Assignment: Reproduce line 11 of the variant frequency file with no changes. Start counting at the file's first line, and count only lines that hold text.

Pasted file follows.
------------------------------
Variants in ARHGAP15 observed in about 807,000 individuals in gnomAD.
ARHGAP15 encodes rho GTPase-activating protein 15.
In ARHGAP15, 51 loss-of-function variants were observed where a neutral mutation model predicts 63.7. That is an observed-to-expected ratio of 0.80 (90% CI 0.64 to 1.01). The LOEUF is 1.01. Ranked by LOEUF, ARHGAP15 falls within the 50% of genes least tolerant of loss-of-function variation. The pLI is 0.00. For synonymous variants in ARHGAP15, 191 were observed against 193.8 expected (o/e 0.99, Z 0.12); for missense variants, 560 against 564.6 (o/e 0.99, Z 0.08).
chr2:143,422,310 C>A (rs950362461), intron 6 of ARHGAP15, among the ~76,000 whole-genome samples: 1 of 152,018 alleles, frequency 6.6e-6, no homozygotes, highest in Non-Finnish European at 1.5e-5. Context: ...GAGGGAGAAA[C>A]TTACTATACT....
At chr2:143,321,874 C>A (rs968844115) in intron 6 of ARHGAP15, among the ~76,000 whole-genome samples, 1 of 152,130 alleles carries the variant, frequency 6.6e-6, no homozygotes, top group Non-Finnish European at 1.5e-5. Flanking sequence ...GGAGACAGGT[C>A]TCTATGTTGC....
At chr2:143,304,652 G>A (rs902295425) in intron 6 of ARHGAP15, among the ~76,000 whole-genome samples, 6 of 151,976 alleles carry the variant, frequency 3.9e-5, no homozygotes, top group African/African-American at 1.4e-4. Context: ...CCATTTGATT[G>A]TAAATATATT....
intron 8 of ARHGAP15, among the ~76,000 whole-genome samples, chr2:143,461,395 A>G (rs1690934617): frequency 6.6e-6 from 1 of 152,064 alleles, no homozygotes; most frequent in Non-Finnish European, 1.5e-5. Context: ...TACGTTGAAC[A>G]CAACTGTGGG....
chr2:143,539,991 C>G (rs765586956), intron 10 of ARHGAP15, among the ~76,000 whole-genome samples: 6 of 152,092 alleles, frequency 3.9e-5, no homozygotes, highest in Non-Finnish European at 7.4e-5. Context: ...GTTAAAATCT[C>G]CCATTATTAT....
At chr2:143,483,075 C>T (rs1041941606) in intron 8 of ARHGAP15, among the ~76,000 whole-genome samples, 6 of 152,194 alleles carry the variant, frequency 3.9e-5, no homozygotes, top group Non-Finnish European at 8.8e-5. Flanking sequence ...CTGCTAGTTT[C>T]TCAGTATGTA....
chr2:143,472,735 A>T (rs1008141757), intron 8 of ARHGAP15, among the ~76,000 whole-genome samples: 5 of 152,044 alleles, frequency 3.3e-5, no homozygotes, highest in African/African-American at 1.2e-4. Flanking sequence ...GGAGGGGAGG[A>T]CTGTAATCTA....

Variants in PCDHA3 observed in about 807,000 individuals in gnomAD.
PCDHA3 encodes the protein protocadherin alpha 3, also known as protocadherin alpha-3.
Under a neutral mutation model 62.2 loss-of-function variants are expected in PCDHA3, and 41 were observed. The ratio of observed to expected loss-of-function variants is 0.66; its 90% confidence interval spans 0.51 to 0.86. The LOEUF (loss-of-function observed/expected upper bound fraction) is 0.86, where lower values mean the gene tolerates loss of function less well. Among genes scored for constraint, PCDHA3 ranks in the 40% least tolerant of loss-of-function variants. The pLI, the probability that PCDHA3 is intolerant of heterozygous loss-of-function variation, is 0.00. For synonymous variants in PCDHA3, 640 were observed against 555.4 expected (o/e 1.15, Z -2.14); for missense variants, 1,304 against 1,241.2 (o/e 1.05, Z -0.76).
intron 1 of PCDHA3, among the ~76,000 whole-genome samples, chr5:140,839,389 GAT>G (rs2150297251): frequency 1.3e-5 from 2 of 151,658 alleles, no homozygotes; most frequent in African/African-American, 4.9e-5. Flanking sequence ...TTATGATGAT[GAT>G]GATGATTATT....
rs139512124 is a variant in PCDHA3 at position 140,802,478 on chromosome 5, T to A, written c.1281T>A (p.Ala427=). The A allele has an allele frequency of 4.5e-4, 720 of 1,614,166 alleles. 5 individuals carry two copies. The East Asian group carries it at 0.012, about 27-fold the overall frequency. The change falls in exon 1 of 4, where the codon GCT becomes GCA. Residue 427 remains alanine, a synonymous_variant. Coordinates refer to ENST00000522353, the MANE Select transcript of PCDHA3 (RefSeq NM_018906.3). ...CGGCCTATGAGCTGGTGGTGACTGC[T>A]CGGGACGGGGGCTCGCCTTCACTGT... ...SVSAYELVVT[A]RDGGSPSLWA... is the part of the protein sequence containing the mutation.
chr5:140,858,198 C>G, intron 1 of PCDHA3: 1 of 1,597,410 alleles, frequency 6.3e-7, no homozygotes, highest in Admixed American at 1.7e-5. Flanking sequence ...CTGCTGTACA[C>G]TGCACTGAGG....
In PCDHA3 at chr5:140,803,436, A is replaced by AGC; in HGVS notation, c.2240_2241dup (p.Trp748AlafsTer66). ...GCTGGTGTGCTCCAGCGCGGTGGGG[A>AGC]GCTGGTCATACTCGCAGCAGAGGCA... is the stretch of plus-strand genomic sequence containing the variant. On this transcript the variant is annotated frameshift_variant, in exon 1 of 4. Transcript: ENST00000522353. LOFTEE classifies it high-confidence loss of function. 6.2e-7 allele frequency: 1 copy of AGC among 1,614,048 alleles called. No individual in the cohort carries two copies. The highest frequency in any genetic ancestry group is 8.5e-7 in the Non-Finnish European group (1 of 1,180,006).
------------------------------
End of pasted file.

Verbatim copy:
Variants in PCDHA3 observed in about 807,000 individuals in gnomAD.